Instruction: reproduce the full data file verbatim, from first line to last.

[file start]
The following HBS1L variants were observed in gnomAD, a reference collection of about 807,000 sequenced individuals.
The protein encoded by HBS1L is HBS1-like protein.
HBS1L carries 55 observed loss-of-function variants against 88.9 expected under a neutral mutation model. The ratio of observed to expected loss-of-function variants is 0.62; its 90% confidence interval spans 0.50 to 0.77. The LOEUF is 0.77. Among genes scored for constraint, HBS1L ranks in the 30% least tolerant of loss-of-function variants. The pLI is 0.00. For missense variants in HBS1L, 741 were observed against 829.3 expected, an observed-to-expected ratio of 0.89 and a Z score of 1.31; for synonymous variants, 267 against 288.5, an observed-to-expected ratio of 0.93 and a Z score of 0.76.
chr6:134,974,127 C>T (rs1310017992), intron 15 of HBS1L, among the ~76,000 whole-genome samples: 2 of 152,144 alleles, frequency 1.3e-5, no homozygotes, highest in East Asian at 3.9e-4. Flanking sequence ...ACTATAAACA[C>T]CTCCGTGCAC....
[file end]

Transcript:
The following HBS1L variants were observed in gnomAD, a reference collection of about 807,000 sequenced individuals.
The protein encoded by HBS1L is HBS1-like protein.
HBS1L carries 55 observed loss-of-function variants against 88.9 expected under a neutral mutation model. The ratio of observed to expected loss-of-function variants is 0.62; its 90% confidence interval spans 0.50 to 0.77. The LOEUF is 0.77. Among genes scored for constraint, HBS1L ranks in the 30% least tolerant of loss-of-function variants. The pLI is 0.00. For missense variants in HBS1L, 741 were observed against 829.3 expected, an observed-to-expected ratio of 0.89 and a Z score of 1.31; for synonymous variants, 267 against 288.5, an observed-to-expected ratio of 0.93 and a Z score of 0.76.
chr6:134,974,127 C>T (rs1310017992), intron 15 of HBS1L, among the ~76,000 whole-genome samples: 2 of 152,144 alleles, frequency 1.3e-5, no homozygotes, highest in East Asian at 3.9e-4. Flanking sequence ...ACTATAAACA[C>T]CTCCGTGCAC....